Progress in understanding the human microbiome
- Karen Nelson1
© BioMed Central Ltd 2011
Published: 19 September 2011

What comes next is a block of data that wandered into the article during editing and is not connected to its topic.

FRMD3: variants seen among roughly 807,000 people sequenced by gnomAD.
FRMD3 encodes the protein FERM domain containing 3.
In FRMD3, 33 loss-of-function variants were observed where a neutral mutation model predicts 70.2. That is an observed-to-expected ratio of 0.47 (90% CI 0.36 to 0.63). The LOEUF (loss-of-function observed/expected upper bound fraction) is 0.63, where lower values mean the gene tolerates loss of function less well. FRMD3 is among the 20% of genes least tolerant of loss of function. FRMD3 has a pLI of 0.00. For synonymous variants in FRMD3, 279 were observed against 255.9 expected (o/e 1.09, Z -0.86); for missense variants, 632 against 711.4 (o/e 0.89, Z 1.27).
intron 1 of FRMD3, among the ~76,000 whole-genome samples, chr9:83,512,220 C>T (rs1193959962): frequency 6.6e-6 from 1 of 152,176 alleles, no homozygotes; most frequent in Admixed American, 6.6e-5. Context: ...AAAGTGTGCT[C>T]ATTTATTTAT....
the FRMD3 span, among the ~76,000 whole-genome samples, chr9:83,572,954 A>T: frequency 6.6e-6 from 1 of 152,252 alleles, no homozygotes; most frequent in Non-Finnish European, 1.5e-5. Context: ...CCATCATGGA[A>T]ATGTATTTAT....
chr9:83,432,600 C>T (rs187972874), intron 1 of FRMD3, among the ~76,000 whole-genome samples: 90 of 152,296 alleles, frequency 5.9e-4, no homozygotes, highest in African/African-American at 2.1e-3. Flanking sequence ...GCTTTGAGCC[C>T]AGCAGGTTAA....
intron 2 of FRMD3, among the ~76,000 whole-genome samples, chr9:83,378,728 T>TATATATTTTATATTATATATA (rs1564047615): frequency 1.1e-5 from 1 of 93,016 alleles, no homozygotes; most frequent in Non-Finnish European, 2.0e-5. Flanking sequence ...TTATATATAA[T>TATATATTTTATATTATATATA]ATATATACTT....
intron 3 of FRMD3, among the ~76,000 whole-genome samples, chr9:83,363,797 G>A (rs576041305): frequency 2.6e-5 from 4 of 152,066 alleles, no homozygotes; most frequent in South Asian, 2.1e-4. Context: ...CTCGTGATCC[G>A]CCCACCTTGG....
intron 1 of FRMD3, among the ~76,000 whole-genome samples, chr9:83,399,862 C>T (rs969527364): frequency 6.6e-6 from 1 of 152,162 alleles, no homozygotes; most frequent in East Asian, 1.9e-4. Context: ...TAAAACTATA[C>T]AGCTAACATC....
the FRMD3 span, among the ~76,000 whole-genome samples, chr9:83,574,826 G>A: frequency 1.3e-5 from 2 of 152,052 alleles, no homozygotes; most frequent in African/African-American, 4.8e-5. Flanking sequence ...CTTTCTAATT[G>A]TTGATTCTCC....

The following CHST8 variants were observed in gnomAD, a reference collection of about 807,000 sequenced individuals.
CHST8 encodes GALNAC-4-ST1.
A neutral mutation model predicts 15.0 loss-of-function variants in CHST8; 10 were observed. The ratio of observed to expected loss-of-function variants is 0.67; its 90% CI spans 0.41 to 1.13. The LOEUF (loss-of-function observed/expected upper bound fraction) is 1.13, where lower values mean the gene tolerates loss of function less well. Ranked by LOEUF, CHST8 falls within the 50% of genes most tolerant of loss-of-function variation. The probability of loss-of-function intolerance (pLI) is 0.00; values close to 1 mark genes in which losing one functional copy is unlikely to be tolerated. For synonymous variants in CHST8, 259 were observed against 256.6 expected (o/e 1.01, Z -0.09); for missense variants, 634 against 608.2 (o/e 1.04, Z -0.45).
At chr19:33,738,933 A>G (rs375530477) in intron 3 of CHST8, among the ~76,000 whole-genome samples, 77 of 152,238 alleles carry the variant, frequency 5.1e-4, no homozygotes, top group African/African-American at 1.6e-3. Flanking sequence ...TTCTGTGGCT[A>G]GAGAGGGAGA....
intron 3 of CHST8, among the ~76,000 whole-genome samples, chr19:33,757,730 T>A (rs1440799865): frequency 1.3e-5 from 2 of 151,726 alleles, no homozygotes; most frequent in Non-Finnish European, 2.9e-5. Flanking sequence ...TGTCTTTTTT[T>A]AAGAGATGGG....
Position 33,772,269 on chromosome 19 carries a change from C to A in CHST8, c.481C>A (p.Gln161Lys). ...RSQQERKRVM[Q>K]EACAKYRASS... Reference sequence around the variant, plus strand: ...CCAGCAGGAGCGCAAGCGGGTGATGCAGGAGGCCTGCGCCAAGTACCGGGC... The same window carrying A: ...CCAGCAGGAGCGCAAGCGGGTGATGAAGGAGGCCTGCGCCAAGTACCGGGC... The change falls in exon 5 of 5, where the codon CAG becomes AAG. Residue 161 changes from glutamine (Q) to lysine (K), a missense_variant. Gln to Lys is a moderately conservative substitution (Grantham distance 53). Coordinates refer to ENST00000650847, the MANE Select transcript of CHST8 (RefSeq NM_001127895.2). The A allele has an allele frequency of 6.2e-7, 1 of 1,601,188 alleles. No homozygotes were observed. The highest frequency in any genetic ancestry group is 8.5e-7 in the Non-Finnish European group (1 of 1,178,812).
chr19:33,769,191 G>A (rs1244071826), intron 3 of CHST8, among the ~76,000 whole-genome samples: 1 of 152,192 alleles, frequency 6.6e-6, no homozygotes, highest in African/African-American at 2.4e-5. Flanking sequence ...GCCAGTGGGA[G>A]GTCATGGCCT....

The human body is host to a multitude of microbial species and communities that are estimated to outnumber the body’s somatic cells. Advances in sequencing have been paralleled by new analysis tools and have allowed us to perform more detailed metagenomic characterizations of these species, many of which have been implicated in various health conditions and diseases. The omics realm for interrogating microbial communities goes far beyond sequencing and includes proteomics and metabolomics. In addition, characterizing the human microbiome has gone from studies focused on one or two individuals to large-scale worldwide initiatives focused on major disorders and involving hundreds of participants. Questions focus on whether there is a core human microbiome, the correlations between microbial population dynamics and disease, and the technological and bioinformatics needs for supporting the advances in data generation. For example, the Human Microbiome Project, which is funded by the National Institutes of Health, involves the sequencing of at least 3,000 bacterial reference genomes, as well as significant metagenomic sequencing to characterize the microbial communities from 15 to 18 body sites in 300 consenting individuals. It is clear that the omics field holds significant promise for increasing our understanding of many microbial diseases of humans, including those yet to be characterized.